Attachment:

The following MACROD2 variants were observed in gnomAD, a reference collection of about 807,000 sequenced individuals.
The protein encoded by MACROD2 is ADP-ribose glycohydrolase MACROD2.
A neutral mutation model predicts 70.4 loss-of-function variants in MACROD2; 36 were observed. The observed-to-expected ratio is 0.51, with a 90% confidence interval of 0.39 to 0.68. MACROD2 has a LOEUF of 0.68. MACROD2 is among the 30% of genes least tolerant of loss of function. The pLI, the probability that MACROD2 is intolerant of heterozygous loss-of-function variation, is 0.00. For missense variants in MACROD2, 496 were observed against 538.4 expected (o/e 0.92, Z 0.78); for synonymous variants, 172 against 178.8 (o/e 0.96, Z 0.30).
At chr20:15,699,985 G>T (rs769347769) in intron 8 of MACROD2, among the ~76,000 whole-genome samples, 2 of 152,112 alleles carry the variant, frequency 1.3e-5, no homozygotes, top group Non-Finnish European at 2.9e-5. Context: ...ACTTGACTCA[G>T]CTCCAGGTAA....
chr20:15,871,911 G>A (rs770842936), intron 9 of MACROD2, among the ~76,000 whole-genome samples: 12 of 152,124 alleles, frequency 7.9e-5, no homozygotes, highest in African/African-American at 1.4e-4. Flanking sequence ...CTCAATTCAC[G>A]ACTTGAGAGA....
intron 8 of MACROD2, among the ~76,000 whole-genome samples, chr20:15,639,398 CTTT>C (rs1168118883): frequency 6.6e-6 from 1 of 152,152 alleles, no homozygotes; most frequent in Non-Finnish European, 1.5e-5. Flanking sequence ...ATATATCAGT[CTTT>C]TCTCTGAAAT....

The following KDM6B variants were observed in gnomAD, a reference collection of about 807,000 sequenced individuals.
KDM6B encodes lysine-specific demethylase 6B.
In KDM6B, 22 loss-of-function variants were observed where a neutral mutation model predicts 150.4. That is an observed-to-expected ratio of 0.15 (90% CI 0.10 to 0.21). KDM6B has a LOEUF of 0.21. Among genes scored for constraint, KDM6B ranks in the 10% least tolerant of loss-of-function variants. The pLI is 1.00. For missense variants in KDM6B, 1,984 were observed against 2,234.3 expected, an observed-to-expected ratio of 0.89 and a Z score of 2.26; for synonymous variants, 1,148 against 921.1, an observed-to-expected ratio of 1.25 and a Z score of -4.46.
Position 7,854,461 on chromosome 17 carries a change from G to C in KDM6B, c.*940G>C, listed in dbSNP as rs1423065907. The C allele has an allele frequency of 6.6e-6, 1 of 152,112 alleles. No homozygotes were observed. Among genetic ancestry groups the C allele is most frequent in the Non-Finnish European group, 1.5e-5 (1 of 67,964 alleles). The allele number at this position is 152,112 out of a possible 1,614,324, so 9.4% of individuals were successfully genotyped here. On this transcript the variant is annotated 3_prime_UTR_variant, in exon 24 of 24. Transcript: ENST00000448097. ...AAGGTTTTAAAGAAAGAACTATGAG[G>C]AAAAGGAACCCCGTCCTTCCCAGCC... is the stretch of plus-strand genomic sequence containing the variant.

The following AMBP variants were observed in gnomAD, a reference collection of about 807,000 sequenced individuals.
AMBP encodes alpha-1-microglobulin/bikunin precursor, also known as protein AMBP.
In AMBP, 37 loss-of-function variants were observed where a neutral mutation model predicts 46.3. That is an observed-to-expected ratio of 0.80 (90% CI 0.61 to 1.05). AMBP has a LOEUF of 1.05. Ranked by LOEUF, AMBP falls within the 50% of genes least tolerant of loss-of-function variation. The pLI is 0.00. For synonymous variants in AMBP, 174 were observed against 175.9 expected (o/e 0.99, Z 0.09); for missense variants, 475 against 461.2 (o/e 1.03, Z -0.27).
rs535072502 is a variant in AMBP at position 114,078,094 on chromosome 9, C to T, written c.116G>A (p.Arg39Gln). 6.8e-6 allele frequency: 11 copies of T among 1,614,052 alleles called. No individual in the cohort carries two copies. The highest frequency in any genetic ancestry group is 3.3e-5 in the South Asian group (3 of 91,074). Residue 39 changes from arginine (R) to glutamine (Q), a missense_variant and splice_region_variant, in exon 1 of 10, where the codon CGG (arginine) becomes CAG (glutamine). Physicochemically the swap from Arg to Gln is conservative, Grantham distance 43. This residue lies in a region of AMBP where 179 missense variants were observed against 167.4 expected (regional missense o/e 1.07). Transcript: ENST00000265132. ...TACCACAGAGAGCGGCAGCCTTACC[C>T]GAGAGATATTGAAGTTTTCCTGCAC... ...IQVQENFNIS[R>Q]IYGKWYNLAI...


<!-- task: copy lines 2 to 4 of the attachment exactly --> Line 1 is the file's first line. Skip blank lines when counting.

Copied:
The protein encoded by MACROD2 is ADP-ribose glycohydrolase MACROD2.
A neutral mutation model predicts 70.4 loss-of-function variants in MACROD2; 36 were observed. The observed-to-expected ratio is 0.51, with a 90% confidence interval of 0.39 to 0.68. MACROD2 has a LOEUF of 0.68. MACROD2 is among the 30% of genes least tolerant of loss of function. The pLI, the probability that MACROD2 is intolerant of heterozygous loss-of-function variation, is 0.00. For missense variants in MACROD2, 496 were observed against 538.4 expected (o/e 0.92, Z 0.78); for synonymous variants, 172 against 178.8 (o/e 0.96, Z 0.30).
At chr20:15,699,985 G>T (rs769347769) in intron 8 of MACROD2, among the ~76,000 whole-genome samples, 2 of 152,112 alleles carry the variant, frequency 1.3e-5, no homozygotes, top group Non-Finnish European at 2.9e-5. Context: ...ACTTGACTCA[G>T]CTCCAGGTAA....